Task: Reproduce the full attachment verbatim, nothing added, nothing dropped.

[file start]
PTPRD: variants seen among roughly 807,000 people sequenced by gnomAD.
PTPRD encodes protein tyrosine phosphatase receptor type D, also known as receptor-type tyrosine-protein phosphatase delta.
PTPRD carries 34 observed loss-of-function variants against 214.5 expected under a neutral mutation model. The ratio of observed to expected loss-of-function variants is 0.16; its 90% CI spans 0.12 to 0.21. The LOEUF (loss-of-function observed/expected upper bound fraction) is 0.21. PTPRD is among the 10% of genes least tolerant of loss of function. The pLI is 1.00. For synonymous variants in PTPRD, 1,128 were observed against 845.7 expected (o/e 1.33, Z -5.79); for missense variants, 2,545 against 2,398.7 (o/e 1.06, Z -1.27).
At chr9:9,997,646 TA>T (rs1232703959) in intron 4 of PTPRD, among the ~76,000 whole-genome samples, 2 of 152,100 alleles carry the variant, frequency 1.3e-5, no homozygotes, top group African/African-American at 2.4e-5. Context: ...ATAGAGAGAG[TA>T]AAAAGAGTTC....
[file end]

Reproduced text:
PTPRD: variants seen among roughly 807,000 people sequenced by gnomAD.
PTPRD encodes protein tyrosine phosphatase receptor type D, also known as receptor-type tyrosine-protein phosphatase delta.
PTPRD carries 34 observed loss-of-function variants against 214.5 expected under a neutral mutation model. The ratio of observed to expected loss-of-function variants is 0.16; its 90% CI spans 0.12 to 0.21. The LOEUF (loss-of-function observed/expected upper bound fraction) is 0.21. PTPRD is among the 10% of genes least tolerant of loss of function. The pLI is 1.00. For synonymous variants in PTPRD, 1,128 were observed against 845.7 expected (o/e 1.33, Z -5.79); for missense variants, 2,545 against 2,398.7 (o/e 1.06, Z -1.27).
At chr9:9,997,646 TA>T (rs1232703959) in intron 4 of PTPRD, among the ~76,000 whole-genome samples, 2 of 152,100 alleles carry the variant, frequency 1.3e-5, no homozygotes, top group African/African-American at 2.4e-5. Context: ...ATAGAGAGAG[TA>T]AAAAGAGTTC....